"Should the funds that [the school district] can provide for desegregation expenses under today's decision fall short," Judge John R. Gibson wrote for the panel, "the remainder must be paid by the state."
In an opinion concurring in part and dissenting in part, Chief Judge Donald P. Lay said the issue of the property-tax increase could have been avoided by making the state fully liable for the unfunded balance of the plan.
Thus far, Judge Clark, who is4overseeing the case, has issued orders for nearly $300 million in capital improvements to the district's schools, $140 million to implement a long-range magnet-school plan, and almost $50 million annually for instructional improvements.
District officials estimate that the cost of the plan, including construction and renovation, will top $165 million during the coming year. The district's operating budget, by comparison, is $126 million.
George F. Garcia, Kansas City's superintendent of schools, defends the plan's scale, saying that "the order calls for making the Constitution whole, and you can't put a price tag on that."
Property Tax Upheld
Judge Clark imposed the new taxes last fall after Kansas City voters had repeatedly defeated both levy increases and bond issues placed on the ballot by the school board. The district has not had a bond passage or levy increase since 1969. The judge has urged the state to relax its requirement that such issues be approved by two-thirds of the voters.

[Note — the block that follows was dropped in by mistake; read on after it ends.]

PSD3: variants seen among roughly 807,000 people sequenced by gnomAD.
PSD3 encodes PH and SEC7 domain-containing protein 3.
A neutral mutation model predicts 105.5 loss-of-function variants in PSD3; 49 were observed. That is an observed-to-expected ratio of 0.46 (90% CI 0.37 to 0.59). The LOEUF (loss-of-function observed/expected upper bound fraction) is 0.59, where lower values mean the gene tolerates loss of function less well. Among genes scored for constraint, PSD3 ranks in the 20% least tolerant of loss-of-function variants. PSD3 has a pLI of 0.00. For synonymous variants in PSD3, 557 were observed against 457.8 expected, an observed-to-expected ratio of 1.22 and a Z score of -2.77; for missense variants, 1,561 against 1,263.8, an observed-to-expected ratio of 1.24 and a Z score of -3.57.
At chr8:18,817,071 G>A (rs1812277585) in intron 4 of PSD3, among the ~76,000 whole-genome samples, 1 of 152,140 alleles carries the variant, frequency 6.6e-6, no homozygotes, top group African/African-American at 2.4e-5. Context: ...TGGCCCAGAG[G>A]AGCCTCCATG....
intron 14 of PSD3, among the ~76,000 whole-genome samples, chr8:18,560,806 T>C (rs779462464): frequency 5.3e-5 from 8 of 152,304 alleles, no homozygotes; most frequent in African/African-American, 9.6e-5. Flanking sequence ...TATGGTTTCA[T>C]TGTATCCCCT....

"The head-in-the-sand attitude of the state is costing it tens of millions of dollars," said Arthur A. Benson 2nd, the lawyer representing black plaintiffs in the case.
The state had been joined in its appeal of the tax orders by several other parties, including the U.S. Justice Department, U.S. Senator John Danforth of Missouri, the State of Kansas, and the Landmark Legal Foundation, a public-interest law firm representing Kansas City taxpayers.
In its opinion, the Eighth Circuit Court ruled that Judge Clark had not abused his discretion in ordering the property-tax increase, which nearly doubled the levy in the district. (See Education Week, Sept. 23 and Sept. 30, 1988.)
"In doing so," the opinion states, Judge Clark "followed clear authority that restrictions and limitations of state law which impede the disestablishment of a dual school system may be set aside to remedy the constitutional violations."